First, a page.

Source: University of Otago
Pro-Vice-Chancellor, Humanities, Professor Jessica Palmer holds the signed articulation agreement between Otago and the University of Wuhan, China. She is joined by Associate Dean International, Dr Stephen Young (left), and Senior Lecturer, Dr Hunter Hatfield.
Otago has signed an articulation agreement with the University of Wuhan, in Hubei Province China, for English and Linguistics.
The signing ceremony took place during the week Hubei Province celebrated 50 years of diplomatic ties between China and New Zealand. The ceremony was held over Zoom, attended by representatives from Otago, Wuhan and the Ambassador for New Zealand to China, Her Excellency Clare Fearnley.
Ambassador Fearnley congratulated both parties on this significant milestone and noted that education sits at the centre of the relationship between the two countries, and links like the one between Otago and Wuhan allow us to strengthen and explore our connections.
Wuhan University Vice President, Professor Tang Qizhu spoke of their pleasure at establishing this solid foundation of future co-operation with Otago. He also gave an overview of Wuhan, with a history that traces back to 1893 it is considered China’s oldest university and offers a range of disciplines to its approximately 59,000 students.
Pro-Vice-Chancellor for the Division of Humanities, Professor Jessica Palmer said that the Universities first signed a Memorandum of Understanding some 20 years ago and that Otago was very happy to build upon those relationships with this articulation agreement.
“It moves the relations from good intentions and good thoughts to one of practical change and opportunity through student mobility. We know that Wuhan University produces and attracts wonderful students. We look forward to welcoming students from Wuhan University to our English and Linguistics Programme at the University of Otago soon,” Professor Palmer says.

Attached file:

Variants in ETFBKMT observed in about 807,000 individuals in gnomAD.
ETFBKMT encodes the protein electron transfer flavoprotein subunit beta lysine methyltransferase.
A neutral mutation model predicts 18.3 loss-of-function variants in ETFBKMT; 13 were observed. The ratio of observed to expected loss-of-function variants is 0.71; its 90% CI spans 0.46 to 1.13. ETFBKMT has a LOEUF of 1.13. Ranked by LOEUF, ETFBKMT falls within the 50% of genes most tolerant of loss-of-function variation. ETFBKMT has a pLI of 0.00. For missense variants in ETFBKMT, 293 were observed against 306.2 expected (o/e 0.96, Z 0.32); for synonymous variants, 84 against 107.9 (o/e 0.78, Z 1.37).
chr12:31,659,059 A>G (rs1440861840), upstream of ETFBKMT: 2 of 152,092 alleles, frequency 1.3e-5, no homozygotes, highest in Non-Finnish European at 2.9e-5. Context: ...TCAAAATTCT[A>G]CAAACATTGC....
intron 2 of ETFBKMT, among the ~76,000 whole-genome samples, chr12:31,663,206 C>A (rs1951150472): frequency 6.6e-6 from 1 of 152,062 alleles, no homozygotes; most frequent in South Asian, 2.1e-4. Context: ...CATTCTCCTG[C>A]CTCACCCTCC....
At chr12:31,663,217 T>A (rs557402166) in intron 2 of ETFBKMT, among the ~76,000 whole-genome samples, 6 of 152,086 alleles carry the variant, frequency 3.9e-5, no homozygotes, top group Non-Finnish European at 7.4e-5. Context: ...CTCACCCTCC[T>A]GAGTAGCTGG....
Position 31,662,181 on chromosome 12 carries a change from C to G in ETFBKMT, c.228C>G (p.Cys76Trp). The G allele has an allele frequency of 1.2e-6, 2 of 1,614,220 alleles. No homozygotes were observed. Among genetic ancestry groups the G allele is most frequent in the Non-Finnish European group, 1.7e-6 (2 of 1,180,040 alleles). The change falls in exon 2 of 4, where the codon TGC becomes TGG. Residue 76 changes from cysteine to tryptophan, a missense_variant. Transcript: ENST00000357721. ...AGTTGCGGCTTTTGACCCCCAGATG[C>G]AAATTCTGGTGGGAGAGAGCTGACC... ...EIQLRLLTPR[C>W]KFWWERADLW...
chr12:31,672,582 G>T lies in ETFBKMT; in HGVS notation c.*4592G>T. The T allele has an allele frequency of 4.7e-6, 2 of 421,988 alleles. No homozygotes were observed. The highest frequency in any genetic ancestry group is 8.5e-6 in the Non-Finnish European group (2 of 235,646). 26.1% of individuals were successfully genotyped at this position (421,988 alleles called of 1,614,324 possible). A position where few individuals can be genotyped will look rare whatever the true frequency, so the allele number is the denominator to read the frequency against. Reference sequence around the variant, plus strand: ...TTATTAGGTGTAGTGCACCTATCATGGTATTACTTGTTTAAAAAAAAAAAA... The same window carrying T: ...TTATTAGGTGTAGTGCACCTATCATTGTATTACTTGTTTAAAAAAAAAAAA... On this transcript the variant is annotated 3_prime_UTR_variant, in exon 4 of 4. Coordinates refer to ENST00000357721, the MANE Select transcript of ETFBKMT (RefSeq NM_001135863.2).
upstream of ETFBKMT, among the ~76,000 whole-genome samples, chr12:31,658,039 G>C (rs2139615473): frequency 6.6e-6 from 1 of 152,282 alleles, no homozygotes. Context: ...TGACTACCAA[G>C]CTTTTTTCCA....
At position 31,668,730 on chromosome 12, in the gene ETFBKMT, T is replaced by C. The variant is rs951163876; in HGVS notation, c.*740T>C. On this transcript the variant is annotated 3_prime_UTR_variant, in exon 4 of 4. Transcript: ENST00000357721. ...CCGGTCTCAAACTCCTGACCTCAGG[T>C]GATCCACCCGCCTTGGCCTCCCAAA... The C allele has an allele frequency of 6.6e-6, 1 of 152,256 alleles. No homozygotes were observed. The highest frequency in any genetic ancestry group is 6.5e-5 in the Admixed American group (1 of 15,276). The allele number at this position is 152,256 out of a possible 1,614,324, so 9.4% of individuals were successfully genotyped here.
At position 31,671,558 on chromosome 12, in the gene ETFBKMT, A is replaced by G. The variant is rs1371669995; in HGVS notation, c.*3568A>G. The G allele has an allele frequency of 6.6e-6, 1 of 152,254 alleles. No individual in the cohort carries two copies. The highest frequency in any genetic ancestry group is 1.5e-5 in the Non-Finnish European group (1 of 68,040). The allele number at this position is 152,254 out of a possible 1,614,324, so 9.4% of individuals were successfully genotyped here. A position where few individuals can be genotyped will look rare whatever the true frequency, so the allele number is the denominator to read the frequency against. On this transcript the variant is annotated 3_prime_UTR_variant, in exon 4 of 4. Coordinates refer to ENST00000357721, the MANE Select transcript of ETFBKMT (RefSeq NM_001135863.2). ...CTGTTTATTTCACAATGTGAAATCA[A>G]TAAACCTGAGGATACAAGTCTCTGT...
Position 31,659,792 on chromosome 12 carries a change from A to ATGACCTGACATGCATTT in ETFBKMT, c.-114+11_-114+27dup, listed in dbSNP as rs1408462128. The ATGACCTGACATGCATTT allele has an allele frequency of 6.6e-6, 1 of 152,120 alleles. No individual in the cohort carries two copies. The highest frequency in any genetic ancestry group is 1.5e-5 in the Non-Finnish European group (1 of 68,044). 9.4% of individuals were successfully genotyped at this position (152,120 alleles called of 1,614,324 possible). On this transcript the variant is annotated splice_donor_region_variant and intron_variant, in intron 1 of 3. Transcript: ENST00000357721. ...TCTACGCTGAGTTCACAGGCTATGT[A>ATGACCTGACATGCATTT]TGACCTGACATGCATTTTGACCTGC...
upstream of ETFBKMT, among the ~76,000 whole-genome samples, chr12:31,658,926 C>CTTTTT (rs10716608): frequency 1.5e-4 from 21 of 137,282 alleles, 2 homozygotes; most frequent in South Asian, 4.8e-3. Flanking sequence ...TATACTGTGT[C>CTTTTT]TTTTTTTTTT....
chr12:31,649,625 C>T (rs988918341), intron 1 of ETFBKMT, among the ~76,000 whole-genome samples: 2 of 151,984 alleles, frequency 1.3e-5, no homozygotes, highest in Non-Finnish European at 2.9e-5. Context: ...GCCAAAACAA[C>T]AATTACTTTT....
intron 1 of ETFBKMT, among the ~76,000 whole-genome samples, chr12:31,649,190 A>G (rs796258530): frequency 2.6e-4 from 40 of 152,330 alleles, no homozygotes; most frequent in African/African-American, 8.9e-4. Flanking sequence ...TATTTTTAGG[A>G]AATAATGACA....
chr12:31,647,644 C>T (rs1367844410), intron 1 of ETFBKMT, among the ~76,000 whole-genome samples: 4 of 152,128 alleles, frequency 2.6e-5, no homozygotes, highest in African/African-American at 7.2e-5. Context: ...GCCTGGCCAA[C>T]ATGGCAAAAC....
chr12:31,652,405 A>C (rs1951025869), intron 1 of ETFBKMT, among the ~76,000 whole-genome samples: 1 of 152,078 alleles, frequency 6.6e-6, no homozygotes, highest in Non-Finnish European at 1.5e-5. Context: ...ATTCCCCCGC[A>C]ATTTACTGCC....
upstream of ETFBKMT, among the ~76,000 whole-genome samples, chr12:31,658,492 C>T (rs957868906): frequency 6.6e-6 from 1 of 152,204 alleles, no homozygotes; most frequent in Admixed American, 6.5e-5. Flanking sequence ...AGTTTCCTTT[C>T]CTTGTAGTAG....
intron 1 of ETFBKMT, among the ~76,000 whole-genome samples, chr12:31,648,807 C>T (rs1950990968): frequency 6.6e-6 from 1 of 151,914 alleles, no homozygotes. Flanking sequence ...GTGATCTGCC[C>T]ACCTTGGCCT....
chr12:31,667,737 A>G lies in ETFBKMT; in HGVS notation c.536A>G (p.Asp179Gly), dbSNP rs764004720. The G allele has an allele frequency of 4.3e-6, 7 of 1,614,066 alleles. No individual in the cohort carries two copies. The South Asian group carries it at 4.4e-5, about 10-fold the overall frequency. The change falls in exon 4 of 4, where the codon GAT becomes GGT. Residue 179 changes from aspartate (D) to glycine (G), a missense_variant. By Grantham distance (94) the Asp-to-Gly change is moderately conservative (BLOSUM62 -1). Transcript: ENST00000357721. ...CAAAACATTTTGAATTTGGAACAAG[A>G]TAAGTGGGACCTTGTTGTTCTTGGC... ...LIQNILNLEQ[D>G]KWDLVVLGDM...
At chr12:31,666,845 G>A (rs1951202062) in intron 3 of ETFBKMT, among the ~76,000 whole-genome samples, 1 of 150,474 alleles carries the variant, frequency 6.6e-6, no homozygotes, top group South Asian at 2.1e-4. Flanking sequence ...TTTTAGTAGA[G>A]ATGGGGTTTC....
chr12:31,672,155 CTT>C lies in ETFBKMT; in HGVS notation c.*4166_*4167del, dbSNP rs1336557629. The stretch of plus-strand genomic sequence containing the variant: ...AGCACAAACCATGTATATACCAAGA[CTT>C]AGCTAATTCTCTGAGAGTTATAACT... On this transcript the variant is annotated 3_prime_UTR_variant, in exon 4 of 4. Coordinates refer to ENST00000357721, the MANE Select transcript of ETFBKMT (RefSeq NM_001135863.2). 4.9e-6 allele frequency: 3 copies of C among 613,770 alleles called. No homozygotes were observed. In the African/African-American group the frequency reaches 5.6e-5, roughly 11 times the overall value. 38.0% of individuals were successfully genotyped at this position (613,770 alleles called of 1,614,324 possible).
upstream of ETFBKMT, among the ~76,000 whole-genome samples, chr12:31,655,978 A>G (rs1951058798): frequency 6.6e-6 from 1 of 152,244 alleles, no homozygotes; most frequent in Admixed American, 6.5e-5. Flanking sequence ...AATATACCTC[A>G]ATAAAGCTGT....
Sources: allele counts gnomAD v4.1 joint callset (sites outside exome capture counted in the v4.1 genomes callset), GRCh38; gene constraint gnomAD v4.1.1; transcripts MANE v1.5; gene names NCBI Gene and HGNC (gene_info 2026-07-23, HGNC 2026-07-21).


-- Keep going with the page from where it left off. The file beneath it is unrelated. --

International Co-ordinator for English and Linguistics, Dr Hunter Hatfield was a key organiser of this articulation agreement that allows students to study for two and a half years in Wuhan, and then one and a half with Otago, to gain a joint degree.
“As a teacher of linguistics, I teach a paper called ‘A World of Languages’ so, ideally, I would have a room of students speaking different languages. The exchange of language and culture is a great experience for students and helps to make Otago a global centre,” Dr Hatfield says.
As many of the speakers noted, it was also poignant that this is the 125th year since the birth of Rewi Alley, a New Zealander who stayed for over six decades in China, where he was a social reformer and educator.
This articulation agreement was achieved with the support of the team in the International Office, including Market Manager for Greater China and South Korea, Joyce Zhang.
Megan Smith, Manager of International Marketing and Recruitment says the International Office encourages staff from across the University with potential opportunities for international programme development and transnational education, to contact them for advice and practical support to develop these: email@example.com